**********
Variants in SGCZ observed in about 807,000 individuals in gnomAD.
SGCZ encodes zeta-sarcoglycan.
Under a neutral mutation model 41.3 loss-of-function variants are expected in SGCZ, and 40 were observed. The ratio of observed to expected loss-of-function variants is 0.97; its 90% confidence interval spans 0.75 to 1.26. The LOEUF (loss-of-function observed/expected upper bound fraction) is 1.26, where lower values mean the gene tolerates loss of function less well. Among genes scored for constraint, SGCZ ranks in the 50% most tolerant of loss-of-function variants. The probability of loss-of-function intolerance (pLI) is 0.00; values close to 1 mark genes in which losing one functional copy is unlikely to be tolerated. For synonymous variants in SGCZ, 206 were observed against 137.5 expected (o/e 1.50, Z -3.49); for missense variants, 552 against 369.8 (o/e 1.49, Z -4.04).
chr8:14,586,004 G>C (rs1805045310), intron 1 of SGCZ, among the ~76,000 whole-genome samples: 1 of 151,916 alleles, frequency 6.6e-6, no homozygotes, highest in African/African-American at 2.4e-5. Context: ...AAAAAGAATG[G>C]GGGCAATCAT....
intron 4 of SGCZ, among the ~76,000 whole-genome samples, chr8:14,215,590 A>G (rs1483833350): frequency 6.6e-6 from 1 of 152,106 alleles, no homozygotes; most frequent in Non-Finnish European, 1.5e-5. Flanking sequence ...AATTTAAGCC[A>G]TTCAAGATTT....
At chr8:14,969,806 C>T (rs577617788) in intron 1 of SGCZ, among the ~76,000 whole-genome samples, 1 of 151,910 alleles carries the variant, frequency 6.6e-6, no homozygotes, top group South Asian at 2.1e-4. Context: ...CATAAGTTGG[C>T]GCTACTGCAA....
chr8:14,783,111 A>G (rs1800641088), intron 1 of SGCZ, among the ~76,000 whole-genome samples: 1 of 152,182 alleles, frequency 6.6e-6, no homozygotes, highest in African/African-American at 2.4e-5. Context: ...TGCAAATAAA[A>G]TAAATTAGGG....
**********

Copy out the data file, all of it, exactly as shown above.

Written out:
Variants in SGCZ observed in about 807,000 individuals in gnomAD.
SGCZ encodes zeta-sarcoglycan.
Under a neutral mutation model 41.3 loss-of-function variants are expected in SGCZ, and 40 were observed. The ratio of observed to expected loss-of-function variants is 0.97; its 90% confidence interval spans 0.75 to 1.26. The LOEUF (loss-of-function observed/expected upper bound fraction) is 1.26, where lower values mean the gene tolerates loss of function less well. Among genes scored for constraint, SGCZ ranks in the 50% most tolerant of loss-of-function variants. The probability of loss-of-function intolerance (pLI) is 0.00; values close to 1 mark genes in which losing one functional copy is unlikely to be tolerated. For synonymous variants in SGCZ, 206 were observed against 137.5 expected (o/e 1.50, Z -3.49); for missense variants, 552 against 369.8 (o/e 1.49, Z -4.04).
chr8:14,586,004 G>C (rs1805045310), intron 1 of SGCZ, among the ~76,000 whole-genome samples: 1 of 151,916 alleles, frequency 6.6e-6, no homozygotes, highest in African/African-American at 2.4e-5. Context: ...AAAAAGAATG[G>C]GGGCAATCAT....
intron 4 of SGCZ, among the ~76,000 whole-genome samples, chr8:14,215,590 A>G (rs1483833350): frequency 6.6e-6 from 1 of 152,106 alleles, no homozygotes; most frequent in Non-Finnish European, 1.5e-5. Flanking sequence ...AATTTAAGCC[A>G]TTCAAGATTT....
At chr8:14,969,806 C>T (rs577617788) in intron 1 of SGCZ, among the ~76,000 whole-genome samples, 1 of 151,910 alleles carries the variant, frequency 6.6e-6, no homozygotes, top group South Asian at 2.1e-4. Context: ...CATAAGTTGG[C>T]GCTACTGCAA....
chr8:14,783,111 A>G (rs1800641088), intron 1 of SGCZ, among the ~76,000 whole-genome samples: 1 of 152,182 alleles, frequency 6.6e-6, no homozygotes, highest in African/African-American at 2.4e-5. Context: ...TGCAAATAAA[A>G]TAAATTAGGG....